SA PRODUCING ONLY A THIRD OF THE TEACHERS THE COUNTRY NEEDS: WEEKEND POST

DA provincial education spokesperson Edmund van Vuuren said because the average age of teachers was 46, this would present “an enormous problem” in 10 years’ time.

AN astonishing new report has revealed South Africa produces only one third of the 2 000 new teachers the country needs every year and that the profession is increasingly losing its appeal for school leavers who are put off by the low salaries and poor image.

The report, titled “Value on the Classroom: The quantity and quality of South African Teachers”, was produced by the Centre for Development and Enterprise (CDE).

Most disturbing is that the report says “a quarter or even more of all newly trained teachers do not take up teaching posts in South Africa’s schools”.

Although the findings are cause for concern, education officials in the Eastern Cape said they were not surprised by the figures.

The CDE is one of South Africa ’s leading development think tanks, focusing on critical national development issues and their relationship to economic growth and democratic consolidation.

CDE executive director Ann Bernstein said the country was producing too few teachers, especially in key subjects such as maths and science and the teacher age profile suggests a looming shortage and a growing need for younger teachers to enter the profession.

“Although the government has increased its bursaries for student teachers in the past few years, this is insufficient to meet the country’s needs.

“Far too few bursaries are being offered to talented potential teacher trainees. “The country needs several thousand new bursaries per annum for those prepared to study and teach in subjects [where skills are] scarce,” Bernstein said.

Although Rhodes University education faculty’s Professor George Euvrard concurred with the findings of the report, he did say he had noticed more students were beginning to show interest in a teaching qualification in the past year.

The reason, he said, was that they knew they would be welcomed into the job market.

“I think teaching is dependent on the economy of the time. The economy is in a downturn and this is a profession that offers job opportunities.”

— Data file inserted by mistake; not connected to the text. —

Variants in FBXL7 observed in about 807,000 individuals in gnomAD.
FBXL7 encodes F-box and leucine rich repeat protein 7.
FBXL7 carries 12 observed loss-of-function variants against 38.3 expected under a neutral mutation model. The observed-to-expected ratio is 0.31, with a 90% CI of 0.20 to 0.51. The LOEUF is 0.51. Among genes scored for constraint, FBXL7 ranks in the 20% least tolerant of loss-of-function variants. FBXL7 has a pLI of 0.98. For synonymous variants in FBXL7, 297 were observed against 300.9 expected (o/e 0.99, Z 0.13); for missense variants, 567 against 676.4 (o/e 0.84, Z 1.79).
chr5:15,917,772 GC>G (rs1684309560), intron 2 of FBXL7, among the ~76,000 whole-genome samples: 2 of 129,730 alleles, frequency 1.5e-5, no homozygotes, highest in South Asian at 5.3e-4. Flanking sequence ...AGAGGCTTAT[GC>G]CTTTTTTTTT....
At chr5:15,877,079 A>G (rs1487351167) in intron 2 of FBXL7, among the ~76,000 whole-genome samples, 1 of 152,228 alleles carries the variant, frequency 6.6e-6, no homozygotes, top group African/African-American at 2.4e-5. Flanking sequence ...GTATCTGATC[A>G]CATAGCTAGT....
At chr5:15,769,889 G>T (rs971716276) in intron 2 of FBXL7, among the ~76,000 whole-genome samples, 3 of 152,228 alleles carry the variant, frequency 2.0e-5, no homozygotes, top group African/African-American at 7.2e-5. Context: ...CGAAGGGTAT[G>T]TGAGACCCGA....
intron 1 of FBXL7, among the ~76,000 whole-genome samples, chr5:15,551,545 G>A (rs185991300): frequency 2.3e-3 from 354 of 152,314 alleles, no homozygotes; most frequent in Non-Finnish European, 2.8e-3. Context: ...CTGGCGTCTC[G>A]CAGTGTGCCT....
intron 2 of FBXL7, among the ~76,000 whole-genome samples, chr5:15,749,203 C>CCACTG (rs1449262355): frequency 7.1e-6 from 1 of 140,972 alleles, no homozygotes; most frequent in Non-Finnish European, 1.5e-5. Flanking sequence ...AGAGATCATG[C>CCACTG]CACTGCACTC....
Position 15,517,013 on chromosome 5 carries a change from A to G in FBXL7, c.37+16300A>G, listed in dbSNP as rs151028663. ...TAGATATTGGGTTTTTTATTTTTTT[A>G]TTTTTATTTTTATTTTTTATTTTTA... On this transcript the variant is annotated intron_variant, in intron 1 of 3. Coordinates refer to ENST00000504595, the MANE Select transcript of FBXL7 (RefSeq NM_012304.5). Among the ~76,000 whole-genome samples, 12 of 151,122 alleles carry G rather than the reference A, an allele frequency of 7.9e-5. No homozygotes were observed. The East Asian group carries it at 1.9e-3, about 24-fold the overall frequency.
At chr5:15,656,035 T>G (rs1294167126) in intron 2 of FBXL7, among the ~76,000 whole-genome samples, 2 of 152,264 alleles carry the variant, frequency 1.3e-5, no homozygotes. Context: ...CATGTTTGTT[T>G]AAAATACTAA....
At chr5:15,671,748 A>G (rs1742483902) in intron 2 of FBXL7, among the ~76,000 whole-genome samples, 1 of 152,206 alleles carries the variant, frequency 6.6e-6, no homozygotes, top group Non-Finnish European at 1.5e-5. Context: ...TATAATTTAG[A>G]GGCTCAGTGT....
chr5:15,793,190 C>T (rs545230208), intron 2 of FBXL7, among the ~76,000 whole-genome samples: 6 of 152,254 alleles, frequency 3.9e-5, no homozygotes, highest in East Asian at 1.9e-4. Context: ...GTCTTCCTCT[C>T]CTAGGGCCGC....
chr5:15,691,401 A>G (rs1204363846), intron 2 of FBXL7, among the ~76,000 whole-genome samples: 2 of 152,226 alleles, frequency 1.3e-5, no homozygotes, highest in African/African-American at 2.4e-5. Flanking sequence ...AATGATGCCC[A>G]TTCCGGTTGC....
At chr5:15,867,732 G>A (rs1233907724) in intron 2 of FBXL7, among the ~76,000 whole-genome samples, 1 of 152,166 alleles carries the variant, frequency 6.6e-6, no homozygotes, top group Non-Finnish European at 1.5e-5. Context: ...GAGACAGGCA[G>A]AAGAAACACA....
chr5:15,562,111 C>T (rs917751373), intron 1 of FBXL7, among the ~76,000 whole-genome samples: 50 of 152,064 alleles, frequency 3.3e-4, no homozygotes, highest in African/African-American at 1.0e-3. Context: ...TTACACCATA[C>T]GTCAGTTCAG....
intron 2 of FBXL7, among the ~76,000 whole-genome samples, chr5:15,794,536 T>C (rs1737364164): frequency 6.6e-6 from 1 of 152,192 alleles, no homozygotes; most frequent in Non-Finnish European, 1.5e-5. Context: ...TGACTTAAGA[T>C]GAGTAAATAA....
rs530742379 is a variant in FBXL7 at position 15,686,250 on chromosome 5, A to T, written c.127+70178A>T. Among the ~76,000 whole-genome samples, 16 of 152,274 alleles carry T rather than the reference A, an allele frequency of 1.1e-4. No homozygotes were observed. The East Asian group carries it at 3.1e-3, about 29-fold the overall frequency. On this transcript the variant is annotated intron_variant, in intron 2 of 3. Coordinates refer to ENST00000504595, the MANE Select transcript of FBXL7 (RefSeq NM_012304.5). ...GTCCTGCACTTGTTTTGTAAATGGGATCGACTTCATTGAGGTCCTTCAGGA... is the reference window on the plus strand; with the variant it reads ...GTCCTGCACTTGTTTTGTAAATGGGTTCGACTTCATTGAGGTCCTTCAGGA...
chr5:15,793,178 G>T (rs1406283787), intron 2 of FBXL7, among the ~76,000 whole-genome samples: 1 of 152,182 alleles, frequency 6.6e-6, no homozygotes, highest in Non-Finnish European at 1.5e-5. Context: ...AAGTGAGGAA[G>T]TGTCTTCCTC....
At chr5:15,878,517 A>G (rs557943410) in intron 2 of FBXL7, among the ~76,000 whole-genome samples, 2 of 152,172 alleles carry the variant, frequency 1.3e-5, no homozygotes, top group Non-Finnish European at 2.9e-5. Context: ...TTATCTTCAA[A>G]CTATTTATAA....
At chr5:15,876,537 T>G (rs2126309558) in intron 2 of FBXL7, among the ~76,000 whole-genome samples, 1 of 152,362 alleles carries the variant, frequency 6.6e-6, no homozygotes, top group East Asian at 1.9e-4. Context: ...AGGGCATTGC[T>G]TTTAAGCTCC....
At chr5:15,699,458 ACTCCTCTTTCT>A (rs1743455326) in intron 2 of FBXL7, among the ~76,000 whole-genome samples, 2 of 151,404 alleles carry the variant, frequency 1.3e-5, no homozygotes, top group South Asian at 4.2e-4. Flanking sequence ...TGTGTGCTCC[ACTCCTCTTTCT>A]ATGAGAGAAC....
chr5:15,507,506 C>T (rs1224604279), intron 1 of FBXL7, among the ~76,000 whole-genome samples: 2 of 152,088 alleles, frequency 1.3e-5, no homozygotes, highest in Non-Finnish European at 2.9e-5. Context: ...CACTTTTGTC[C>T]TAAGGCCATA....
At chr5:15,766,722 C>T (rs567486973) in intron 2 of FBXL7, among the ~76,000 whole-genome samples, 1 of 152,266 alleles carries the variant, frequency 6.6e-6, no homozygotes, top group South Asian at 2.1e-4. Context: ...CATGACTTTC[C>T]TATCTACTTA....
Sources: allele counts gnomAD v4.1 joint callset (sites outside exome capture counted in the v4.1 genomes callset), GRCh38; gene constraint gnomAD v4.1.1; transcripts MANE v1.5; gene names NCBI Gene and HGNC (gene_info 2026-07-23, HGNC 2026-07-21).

However, he said there was a substantial shortfall in mother tongue Foundation Phase (Grade 1 to 3) teachers.

Euvrard said he had fewer black students than before.

“Twenty years ago we had a better demographic balance, but now there are more opportunities for black graduates in business and government.” The image of the teaching profession needed to be improved the way it had been in the UK “where perceptions have changed dramatically”.

East London education specialist Ken Alston said the Education Department in the Eastern Cape was “a shambles” and this could also deter school leavers from opting to become teachers.

“The kids who do well at maths and science would rather study medicine or business than teaching.”

Alston said it was crucial new teachers received special support during their first years in front of the blackboard in order to encourage them to remain in the profession.

He added many good teachers over the retirement age of 65 would happily return to teaching, but that the department refused to employ them.

DA provincial education spokesperson Edmund van Vuuren said because the average age of teachers was 46, this would present “an enormous problem” in 10 years’ time.

“We have an active shortage of teachers in critical subjects like maths, science, life sciences and second language English especially in our rural and remote areas.”

Van Vuuren said it was vital the Education Department reopened teacher training colleges in places like Graaff-Reinet, Port Elizabeth and Alice because they taught students important basics like lesson design and classroom management.

Eastern Cape Education spokesperson Loyiso Pulumani confirmed there were too few maths and science teachers in the province’s rural areas.

“Good maths and science teachers can pick and choose where they want to go.

“We can’t compel them to go to rural areas.”

Although the department’s Fundza Lushaka bursary scheme had already produced some graduates, there were still not enough teachers.

“Teaching does not have the same aura it used to have and it does not seem as attractive to pursue it.

“There is a perception it is not a well paying job, but the Education Department is trying again to improve salaries.”

 

One comment on “SA PRODUCING ONLY A THIRD OF THE TEACHERS THE COUNTRY NEEDS: WEEKEND POST
  1. Ms. H says:

    What is the use of all the talk about not having enough teachers… there is enough teachers , but not money to pay the teachers… I have been teaching without a salary for the last few months, because the government does not have the money to pay me a salary.

    No wonder the teachers back up and leave… I am teaching at an previously disadvantaged school , where there is not even a feeding scheme, broken windows, really bad conditions… we are feeding these kids out of our pockets, but all the govenment cares about is the black schools, what about the coloured schools? these are just as much in need as those blacks schools..

    I teach maths and science, ;- with NO PAY…. why …..because they steal the money and still get a promotion…..

    sort out the teaching mess in the Port Elizabeth…. pay the teachers for the work they do, and stop thinking about your own pockets….

    just think of it this way…. if it wasnt for teachers like us, you would not have had an education and be where you are today./